Wednesday, February 27, 2013

Capital Investment Income Drives Income Inequality These Days

A recently published analysis by Thomas L. Hungerford (see highlights below) looks at factors driving the growth of income inequality for the period between 1991 to 2006.  Hungerford looked at the contributing impact of three factors, tax policy, labor wages and capital income. During the studied period he found that capital income (capital gains, interest income, business income and dividends) was by far the largest factor contributing to rising income inequality. Wages and salaries alone were not a factor and tax policies were only a minor contributor during this period, largely due to the more favorable tax treatment of capital gains.

This report doesn’t trace the history of income inequality prior to 1991 where changes in wage growth in the late 1970’s and the collapsing of upper income tax brackets in 1980 and 1985 were more dramatic.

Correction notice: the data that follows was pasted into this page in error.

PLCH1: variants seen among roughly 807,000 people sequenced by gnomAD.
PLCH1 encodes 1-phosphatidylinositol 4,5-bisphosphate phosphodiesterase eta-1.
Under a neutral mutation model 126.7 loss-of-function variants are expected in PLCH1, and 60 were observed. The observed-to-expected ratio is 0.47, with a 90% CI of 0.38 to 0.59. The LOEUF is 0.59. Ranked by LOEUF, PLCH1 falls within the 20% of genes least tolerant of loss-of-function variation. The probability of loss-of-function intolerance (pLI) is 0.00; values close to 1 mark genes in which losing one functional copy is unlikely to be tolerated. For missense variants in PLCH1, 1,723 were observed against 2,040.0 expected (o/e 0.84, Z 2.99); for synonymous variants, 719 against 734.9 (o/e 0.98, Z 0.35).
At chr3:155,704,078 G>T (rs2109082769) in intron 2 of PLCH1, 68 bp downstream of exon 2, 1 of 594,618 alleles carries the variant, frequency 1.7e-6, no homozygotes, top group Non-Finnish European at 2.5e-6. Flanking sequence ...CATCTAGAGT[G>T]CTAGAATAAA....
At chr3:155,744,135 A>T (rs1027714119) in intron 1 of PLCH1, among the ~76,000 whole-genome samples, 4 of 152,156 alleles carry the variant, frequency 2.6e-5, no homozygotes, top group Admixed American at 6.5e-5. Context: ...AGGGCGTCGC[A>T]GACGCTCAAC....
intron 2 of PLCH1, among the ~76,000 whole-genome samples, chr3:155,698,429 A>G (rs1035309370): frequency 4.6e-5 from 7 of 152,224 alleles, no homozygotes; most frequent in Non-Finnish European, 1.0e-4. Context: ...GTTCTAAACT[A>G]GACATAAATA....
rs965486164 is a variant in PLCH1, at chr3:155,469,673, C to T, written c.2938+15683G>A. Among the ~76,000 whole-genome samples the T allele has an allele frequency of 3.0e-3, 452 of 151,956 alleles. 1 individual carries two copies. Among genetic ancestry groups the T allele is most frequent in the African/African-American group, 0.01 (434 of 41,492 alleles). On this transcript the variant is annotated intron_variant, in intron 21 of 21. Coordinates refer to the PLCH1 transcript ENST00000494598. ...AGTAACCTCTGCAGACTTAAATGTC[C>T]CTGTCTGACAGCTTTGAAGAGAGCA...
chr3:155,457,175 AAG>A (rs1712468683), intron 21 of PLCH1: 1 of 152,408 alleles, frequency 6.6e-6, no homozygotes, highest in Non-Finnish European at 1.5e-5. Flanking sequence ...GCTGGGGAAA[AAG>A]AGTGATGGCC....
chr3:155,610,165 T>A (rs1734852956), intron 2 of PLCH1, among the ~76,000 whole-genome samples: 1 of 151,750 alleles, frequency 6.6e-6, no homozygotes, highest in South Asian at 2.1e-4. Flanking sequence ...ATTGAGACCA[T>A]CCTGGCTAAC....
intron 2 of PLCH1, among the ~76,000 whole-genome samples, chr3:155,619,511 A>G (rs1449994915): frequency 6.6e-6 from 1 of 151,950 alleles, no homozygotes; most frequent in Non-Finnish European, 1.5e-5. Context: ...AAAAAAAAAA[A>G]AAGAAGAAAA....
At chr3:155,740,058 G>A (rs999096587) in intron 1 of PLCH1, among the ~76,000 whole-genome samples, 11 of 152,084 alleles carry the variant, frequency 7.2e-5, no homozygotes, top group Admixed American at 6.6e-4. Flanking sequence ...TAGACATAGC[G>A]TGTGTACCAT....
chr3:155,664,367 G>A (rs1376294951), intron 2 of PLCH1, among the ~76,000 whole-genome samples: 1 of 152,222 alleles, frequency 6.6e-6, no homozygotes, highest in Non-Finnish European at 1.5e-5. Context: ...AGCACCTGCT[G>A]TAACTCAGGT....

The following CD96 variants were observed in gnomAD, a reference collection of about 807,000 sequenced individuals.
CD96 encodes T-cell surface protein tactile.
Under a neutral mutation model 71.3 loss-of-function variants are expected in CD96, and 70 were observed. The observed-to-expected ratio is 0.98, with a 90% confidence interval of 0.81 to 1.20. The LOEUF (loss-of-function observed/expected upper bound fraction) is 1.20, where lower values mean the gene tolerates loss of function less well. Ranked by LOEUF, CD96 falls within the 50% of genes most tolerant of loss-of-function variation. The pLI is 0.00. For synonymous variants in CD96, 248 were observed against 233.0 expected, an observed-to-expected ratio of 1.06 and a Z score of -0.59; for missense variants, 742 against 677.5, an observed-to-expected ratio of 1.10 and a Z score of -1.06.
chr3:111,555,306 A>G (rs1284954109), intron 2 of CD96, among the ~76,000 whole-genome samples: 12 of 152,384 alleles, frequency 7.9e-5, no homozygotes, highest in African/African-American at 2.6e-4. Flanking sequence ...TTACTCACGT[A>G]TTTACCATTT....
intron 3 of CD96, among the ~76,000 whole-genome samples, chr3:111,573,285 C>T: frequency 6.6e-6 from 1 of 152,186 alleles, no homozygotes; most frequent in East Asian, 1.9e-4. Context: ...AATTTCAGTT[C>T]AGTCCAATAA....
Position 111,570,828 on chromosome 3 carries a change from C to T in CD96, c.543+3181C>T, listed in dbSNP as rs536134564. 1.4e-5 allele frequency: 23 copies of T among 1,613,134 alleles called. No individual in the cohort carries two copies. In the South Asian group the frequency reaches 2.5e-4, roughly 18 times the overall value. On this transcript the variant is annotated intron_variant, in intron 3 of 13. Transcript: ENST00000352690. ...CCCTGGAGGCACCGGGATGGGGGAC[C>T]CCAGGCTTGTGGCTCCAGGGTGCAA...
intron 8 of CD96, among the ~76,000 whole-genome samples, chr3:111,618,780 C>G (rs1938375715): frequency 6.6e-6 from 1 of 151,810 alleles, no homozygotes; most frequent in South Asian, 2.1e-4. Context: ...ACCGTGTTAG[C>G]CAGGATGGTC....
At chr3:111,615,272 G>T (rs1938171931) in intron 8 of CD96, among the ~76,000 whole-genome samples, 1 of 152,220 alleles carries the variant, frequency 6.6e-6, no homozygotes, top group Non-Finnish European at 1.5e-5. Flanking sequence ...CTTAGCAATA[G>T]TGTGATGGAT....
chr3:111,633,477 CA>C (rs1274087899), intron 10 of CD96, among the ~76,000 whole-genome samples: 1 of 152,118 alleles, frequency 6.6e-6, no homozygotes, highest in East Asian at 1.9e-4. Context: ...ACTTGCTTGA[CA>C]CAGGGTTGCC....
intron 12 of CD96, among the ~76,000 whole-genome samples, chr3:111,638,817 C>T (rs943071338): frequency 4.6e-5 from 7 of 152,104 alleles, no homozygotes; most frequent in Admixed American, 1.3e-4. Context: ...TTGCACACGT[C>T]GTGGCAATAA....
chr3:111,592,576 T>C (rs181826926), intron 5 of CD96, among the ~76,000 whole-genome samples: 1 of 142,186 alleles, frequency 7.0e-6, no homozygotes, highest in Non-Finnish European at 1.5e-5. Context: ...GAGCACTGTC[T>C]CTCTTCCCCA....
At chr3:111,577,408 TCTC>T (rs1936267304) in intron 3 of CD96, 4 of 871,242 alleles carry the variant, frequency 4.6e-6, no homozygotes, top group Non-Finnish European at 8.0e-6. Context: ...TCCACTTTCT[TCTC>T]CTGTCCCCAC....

It is worth remembering that for most of the past 100 years capital gains was treated as ordinary income for tax purposes.  In recent times, capital gains have be treated as a separate class of income with a more favorable tax treatment. Capital ownership has always been more concentrated at the upper end of the income/wealth continuum.  Capital is, of course, an ownership stake in our economy whether through stocks, bonds, property or business ownership. The income generated when these capital investments are bought and sold is currently taxed at 15% (if it is held for more than a year). That is less than half the top tax rate for wages and salaries.  And how is capital ownership distributed in America?